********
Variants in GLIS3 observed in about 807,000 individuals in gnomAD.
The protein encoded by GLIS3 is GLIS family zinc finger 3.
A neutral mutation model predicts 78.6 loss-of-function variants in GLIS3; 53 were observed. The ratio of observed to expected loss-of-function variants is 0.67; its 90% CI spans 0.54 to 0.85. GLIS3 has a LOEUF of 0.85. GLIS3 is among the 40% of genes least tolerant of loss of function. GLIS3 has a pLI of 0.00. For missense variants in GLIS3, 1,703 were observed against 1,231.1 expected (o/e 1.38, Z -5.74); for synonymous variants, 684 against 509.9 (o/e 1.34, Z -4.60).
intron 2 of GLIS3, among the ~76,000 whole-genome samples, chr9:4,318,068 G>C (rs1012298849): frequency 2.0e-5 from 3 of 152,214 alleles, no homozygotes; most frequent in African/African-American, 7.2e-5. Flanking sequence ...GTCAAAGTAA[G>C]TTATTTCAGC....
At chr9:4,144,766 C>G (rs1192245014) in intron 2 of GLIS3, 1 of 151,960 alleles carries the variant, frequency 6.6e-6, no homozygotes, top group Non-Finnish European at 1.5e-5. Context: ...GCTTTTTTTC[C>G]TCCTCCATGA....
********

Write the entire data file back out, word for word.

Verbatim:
Variants in GLIS3 observed in about 807,000 individuals in gnomAD.
The protein encoded by GLIS3 is GLIS family zinc finger 3.
A neutral mutation model predicts 78.6 loss-of-function variants in GLIS3; 53 were observed. The ratio of observed to expected loss-of-function variants is 0.67; its 90% CI spans 0.54 to 0.85. GLIS3 has a LOEUF of 0.85. GLIS3 is among the 40% of genes least tolerant of loss of function. GLIS3 has a pLI of 0.00. For missense variants in GLIS3, 1,703 were observed against 1,231.1 expected (o/e 1.38, Z -5.74); for synonymous variants, 684 against 509.9 (o/e 1.34, Z -4.60).
intron 2 of GLIS3, among the ~76,000 whole-genome samples, chr9:4,318,068 G>C (rs1012298849): frequency 2.0e-5 from 3 of 152,214 alleles, no homozygotes; most frequent in African/African-American, 7.2e-5. Flanking sequence ...GTCAAAGTAA[G>C]TTATTTCAGC....
At chr9:4,144,766 C>G (rs1192245014) in intron 2 of GLIS3, 1 of 151,960 alleles carries the variant, frequency 6.6e-6, no homozygotes, top group Non-Finnish European at 1.5e-5. Context: ...GCTTTTTTTC[C>G]TCCTCCATGA....